“Life is a series of natural and spontaneous changes. Don’t resist them; that only creates sorrow. Let reality be reality. Let things flow naturally forward in whatever way they like.” — Lao Tzu
With the new year well under way, it’s interesting to see how many people are intentionally trying to initiate change in some area(s) their life while, at the same time, resisting it in others. Right now, many people are flocking to the gym with a desire (resolution) to get fit — and that sort of change is a wonderful thing. Yet, at the same time, change may be happening in some other area of their life where they don’t really welcome it, such as a job or lifestyle change, which may be perceived as a bad thing. It is a paradox with which we have all danced. The point is, if we learn to work proactively with the energy of change, we’ll enjoy the dance far more.
Do you perceive change as friend or foe? Of course, the answer depends on the change. From a universal perspective, change is the only constant; it is manifesting 24/7 whether we like it or not. Whether welcome or unwelcome, we can harness the energy of change and use it to our advantage by shifting our perspective. It seems that we suffer when change happens where we don’t really want it to, or, conversely, doesn’t happen where we really want it to occur. What if we could reframe our understanding of the dynamic energy of change? What if we could welcome it as a gift the Universe is bestowing upon us, trusting change happens when it is supposed to? What if we could surrender to this universal impulse to expand and go with its flow rather than trying to resist or manipulate it?
The key is to understand that regardless of whether we are consciously invoking change in our lives or resisting it, we are dealing with the same dynamic universal principle and it is an energy which is totally impartial to our wants, needs and desires. We can choose to see change as an ally or an enemy and it will respond accordingly. We can learn how the dynamic of change works and align with it in a manner which serves us in healthy, life-affirming ways or we can stay stuck… pushing against it. The downside to resisting change is that it will have its way; it will eventually wear us out. It has been said that in a contest between a river and a rock the river always wins. Why? Because the river is willing to follow the natural call of gravity, going over, under, around or, eventually, through the rock, to its destiny which, as with all water, is to ultimately merge with the ocean. The rock is stuck where it is, relentlessly pushing against the river, resisting the natural flow of water until, over a long enough period of time, it’s worn down to a pebble. If you ever visit the Grand Canyon you’ll see that this is true.
The metaphor of the rock and the river is delightfully obvious: The river represents “us” when we are conscious of our oneness with the Universe and willing to trust the call of gravity, “going with the flow” of life without trying to force or manipulate it. From a spiritual perspective, gravity represents the silent call of the Beloved One wooing us to come closer — to surrender to the journey that is ours to take, the unfolding of who we have come here to be… and to do it with grace and ease. The rock represents the past and our attachment to it; the rock symbolizes our resistance to change and fear of the unknown. The ocean to which the river flows represents a life fulfilled in our oneness with something larger than us; it’s our merging with the Source from which we came. Surrendering to, and going with, the natural flow of the river called “change” is how we reach the fulfillment of a life worth living.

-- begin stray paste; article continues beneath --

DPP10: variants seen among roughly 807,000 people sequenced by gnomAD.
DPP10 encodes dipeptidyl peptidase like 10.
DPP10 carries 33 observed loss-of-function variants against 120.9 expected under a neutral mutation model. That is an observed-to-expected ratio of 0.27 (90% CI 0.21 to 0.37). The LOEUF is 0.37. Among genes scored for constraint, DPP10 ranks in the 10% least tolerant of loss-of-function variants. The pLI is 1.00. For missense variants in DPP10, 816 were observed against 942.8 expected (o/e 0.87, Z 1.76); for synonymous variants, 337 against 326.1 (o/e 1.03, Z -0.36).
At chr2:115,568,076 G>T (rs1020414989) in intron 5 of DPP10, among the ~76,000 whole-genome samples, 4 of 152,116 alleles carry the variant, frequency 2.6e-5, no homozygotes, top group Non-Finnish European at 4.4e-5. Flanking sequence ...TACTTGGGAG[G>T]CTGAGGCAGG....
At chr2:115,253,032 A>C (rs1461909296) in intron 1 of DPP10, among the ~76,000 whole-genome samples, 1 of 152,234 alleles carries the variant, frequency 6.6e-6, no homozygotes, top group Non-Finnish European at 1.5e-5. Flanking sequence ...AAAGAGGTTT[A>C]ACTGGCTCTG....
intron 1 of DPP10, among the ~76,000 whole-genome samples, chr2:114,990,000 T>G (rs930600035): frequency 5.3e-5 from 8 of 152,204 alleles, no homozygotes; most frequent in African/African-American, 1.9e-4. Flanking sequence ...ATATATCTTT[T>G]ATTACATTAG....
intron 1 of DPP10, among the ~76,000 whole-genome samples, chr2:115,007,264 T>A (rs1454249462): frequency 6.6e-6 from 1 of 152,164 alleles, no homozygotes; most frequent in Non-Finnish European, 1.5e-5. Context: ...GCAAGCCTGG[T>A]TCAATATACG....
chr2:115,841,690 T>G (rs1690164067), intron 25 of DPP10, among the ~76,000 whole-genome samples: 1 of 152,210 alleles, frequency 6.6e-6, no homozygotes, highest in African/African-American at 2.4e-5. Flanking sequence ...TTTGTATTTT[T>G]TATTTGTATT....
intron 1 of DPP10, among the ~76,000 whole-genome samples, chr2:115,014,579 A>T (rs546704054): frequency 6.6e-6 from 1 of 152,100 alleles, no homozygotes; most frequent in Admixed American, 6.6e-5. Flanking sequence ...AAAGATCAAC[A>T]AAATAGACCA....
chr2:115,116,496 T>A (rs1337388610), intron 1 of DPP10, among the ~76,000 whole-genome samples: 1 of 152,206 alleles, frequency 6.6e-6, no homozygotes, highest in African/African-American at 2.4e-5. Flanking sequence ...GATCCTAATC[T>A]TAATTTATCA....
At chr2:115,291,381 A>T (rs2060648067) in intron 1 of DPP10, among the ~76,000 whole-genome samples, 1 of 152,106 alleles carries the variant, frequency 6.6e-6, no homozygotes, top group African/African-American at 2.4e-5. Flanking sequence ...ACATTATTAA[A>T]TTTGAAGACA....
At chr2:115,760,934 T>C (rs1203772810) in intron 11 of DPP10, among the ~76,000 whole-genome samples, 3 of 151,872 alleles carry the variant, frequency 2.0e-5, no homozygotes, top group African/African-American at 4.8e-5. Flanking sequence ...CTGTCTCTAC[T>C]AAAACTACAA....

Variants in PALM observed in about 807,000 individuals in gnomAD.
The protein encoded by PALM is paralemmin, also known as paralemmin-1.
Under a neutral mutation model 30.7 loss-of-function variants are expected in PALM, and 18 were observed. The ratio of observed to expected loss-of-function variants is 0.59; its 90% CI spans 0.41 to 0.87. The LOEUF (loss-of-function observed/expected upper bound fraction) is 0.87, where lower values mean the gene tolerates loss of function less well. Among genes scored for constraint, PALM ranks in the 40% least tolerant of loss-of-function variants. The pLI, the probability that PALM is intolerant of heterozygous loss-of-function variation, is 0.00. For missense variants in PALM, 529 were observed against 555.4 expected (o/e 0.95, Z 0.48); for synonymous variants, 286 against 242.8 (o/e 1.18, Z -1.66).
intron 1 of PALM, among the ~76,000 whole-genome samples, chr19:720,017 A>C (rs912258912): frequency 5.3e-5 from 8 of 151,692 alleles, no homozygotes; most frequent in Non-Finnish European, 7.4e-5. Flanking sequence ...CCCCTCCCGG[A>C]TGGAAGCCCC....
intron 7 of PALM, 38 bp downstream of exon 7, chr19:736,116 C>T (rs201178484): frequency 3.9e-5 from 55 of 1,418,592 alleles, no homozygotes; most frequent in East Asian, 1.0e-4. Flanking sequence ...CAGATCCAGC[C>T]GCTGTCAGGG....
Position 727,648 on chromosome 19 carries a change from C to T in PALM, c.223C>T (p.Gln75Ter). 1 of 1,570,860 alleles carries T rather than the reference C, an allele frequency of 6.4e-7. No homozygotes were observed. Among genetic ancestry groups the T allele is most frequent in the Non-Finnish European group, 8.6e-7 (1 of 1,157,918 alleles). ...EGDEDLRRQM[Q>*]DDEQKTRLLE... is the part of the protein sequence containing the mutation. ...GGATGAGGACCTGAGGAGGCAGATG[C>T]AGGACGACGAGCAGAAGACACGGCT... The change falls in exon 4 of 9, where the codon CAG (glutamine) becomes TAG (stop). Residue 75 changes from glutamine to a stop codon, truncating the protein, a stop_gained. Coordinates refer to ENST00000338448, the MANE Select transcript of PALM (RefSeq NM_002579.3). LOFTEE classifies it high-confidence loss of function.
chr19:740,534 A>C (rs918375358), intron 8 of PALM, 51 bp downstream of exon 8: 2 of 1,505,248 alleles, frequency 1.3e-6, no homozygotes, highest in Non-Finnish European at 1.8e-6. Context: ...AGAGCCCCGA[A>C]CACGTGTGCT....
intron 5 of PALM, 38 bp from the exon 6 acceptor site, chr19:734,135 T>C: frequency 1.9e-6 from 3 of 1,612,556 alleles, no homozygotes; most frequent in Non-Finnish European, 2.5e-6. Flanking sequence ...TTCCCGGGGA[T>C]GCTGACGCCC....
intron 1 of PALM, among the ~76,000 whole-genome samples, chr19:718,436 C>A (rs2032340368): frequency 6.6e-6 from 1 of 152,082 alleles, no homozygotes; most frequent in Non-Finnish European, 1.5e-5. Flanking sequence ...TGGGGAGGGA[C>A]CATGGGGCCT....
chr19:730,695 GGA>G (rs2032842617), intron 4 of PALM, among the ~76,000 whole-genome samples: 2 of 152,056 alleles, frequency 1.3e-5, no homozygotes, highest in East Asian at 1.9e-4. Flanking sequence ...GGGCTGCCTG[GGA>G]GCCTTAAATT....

The power in this metaphor is that, if we are fully awake, every day when we get out of bed, we can choose whether we will be the rock or the river. I spent many years being the rock — resisting or trying to manipulate change in just about every area of my life — most likely because I didn’t trust life or the unknown. Over the years I have studied change and made it my friend; I have learned how trust and surrender to the flow of life. Why? Because it brings with it what I value so much; a deep sense of inner peace. I still have work to do, but nowadays I am the river more often than the rock. When I release my need to control and trust the flow I sleep more soundly, I think more clearly, and I love my life more fully, including those in it.
The question I leave you to ponder is: Are you the river or the rock? And if you find you are being a rock today, what might you be clinging to? Where in your life might you be resisting change or trying to force it to happen before its time? The practice is to take a deeeeeep breath, trusting and knowing that the river knows where it is going and let go. You’ll be amazed how embracing change will “change” your life.
By: Dennis Merritt Jones